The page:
Another often told story, about the impact of Richard Sibbes’ book A Bruised Reed, emphasizes the ripple effect of literature.

A book by Richard Sibbes, one of the choicest of the Puritan writers, was read by Richard Baxter, who was greatly blessed by it. Baxter then wrote his Call to the Unconverted which deeply influenced Philip Doddridge, who in turn wrote The Rise and Progress of Religion in the Soul. This brought the young William Wilberforce, subsequent English statesman and foe of slavery, to serious thoughts of eternity. Wilberforce wrote his Practical Book of Christianity which fired the soul of Leigh Richmond. Richmond, in turn, wrote The Dairyman's Daughter, a book that brought thousands to the Lord, helping Thomas Chalmers the great preacher, among others. (Ernest Reisinger, "Every Christian a Publisher," Free Grace Broadcaster, Issue 51, Winter, 1995, p. 18, quoted by John Piper in A Godward Life, Multnomah, 1997, pp. 58-59).

These are not just stories from history. There are personal stories as well. One of my best friends was saved after reading Arthur Pink’s The Sovereignty of God. I’ve seen many people take dramatic leaps forward in their spirituality after reading John Piper’s Desiring God.

5. Books last.

At least well made ones do. But even a paperback that falls apart after a few years will last longer than a fruit cake.

Just think of the potential the gift of a book could have. Do you have unsaved family members? Perhaps the gift of C. S. Lewis’ Mere Christianity could be used of the Lord to lead them to faith in Christ. Is there a child (niece, nephew, son, daughter?) in your life who is entranced with TV and video games? Who knows what the gift of a very good book might add to their electronics-dominated world? (Try Lewis’s Chronicles of Narnia or Norton Juster’s The Phantom Toll-booth.) Do you have Christian friends who are struggling in their walk with Christ, blown and tossed by every wind of teaching? Why not give them a classic book on Christian spirituality (Bunyan’s Pilgrim’s Progress) or introduce them to an intellectually challenging contemporary theologian (J. I. Packer’s Knowing God or Piper’s The Pleasures of God)? Do you see a marriage that’s suffering? Try giving them Gary Thomas’s thought provoking Sacred Marriage. Just want to bless a friend? Pick one of your favorite books and give it away.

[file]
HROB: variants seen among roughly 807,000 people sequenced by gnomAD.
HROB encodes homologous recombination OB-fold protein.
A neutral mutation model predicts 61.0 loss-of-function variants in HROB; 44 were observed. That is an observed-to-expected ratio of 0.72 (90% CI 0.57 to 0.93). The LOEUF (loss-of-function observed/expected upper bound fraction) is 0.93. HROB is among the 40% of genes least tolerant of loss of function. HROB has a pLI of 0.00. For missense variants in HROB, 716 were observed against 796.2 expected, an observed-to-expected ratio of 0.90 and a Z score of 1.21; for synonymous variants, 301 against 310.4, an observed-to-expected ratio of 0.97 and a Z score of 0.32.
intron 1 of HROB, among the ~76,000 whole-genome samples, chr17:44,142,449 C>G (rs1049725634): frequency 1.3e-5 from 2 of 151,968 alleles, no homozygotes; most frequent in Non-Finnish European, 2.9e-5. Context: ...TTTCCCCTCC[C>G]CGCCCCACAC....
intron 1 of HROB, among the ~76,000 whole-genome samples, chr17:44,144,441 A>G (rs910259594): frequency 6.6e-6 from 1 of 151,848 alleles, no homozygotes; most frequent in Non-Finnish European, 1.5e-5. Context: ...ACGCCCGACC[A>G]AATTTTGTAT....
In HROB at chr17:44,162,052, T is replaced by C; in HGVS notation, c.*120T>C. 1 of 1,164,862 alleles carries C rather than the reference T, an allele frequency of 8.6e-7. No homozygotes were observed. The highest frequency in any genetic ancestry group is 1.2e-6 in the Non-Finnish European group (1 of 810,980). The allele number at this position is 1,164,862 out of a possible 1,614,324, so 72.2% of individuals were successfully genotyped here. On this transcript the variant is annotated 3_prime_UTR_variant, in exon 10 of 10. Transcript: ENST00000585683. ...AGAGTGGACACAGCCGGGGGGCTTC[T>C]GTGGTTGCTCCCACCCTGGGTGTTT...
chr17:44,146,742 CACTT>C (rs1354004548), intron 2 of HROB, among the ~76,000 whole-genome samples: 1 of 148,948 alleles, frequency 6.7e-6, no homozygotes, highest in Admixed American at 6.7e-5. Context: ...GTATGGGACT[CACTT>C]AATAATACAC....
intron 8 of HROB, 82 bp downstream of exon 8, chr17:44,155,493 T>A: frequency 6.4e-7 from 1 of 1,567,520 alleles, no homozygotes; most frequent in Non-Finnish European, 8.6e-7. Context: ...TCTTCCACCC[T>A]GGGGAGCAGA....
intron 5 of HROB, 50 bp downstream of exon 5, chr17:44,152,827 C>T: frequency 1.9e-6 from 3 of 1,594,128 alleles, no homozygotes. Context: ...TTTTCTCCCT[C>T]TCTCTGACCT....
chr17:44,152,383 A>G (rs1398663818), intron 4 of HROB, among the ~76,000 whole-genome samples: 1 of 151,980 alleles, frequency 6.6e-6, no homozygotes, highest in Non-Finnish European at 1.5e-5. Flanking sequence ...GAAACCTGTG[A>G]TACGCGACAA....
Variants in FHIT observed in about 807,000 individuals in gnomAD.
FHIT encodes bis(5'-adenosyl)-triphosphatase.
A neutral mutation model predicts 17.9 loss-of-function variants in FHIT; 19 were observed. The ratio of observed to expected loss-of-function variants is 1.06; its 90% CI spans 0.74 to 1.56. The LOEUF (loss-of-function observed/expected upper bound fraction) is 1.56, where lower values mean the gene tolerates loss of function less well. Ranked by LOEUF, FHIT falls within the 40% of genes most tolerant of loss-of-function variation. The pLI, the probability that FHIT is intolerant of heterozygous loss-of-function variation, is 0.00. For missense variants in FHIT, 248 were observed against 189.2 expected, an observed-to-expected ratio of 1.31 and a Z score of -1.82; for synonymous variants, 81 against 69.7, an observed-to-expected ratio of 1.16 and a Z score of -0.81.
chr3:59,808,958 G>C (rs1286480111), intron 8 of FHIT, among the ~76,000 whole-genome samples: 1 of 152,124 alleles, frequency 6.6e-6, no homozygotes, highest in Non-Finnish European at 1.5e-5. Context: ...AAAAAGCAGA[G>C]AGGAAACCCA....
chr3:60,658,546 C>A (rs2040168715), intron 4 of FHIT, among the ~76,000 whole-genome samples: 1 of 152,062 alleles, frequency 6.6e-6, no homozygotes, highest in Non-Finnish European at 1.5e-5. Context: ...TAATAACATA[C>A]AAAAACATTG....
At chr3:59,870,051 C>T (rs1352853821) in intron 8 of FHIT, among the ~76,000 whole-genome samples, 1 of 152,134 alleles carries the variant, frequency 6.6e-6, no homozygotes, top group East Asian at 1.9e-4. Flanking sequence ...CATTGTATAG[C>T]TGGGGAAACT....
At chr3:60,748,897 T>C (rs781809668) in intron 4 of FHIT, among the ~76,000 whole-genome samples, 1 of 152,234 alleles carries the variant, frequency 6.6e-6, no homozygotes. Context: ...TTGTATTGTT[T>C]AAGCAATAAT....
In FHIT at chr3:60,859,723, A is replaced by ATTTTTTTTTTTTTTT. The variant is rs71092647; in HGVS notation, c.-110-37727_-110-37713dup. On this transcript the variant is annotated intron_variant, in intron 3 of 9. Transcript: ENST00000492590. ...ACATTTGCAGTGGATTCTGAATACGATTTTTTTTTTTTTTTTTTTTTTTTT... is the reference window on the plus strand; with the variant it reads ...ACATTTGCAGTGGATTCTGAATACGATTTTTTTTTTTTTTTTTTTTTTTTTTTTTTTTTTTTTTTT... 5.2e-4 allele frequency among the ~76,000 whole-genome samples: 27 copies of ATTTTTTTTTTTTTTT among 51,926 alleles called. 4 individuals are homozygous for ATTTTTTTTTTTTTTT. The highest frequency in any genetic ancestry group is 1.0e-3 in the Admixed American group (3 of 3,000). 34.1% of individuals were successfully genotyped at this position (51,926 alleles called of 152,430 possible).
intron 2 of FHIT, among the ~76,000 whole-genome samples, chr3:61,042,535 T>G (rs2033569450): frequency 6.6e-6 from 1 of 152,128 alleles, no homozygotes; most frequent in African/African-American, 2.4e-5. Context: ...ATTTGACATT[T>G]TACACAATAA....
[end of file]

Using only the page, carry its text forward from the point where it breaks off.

It may be the most important gift your friend or family member receives this year (or ever). Give a book. And pray for God to work.


Amanda said...


If all I got for Christmas was books, I'd be thrilled.

I think every year I give books as gifts as well.


Tim said...

My mom gave every one of her children four or five books of their own every year for Christmas. They were always some of my favorite presents. I still have most of them.

Then again, Mom was a librarian.

Anna said...

I love giving books as presents, and getting books as presents. Those are my favorites too.
but I have friends and family who aren't readers, so what do you get them? I mean what books to you get for people who don't read a whole lot, and who don't like some of the greatest books?

Anna said...

Wait...do you mean that people can't benefit from any other form of entertainment besides books?

Brian G. Hedges said...

Sure people can and do benefit from other forms of entertainment. My point is simply that books have wielded (under God's providence) incredible influence for good in history and that there are few better gifts to give.

For non-readers, I'd suggest something short and easy to read - and meaningful. Randy Alcorn's The Treasure Principle, C. J. Mahaney's The Cross Centered Life, and John Piper's Dangerous Duty of of Delight are a few recommendations for short but challenging books in Christian spirituality.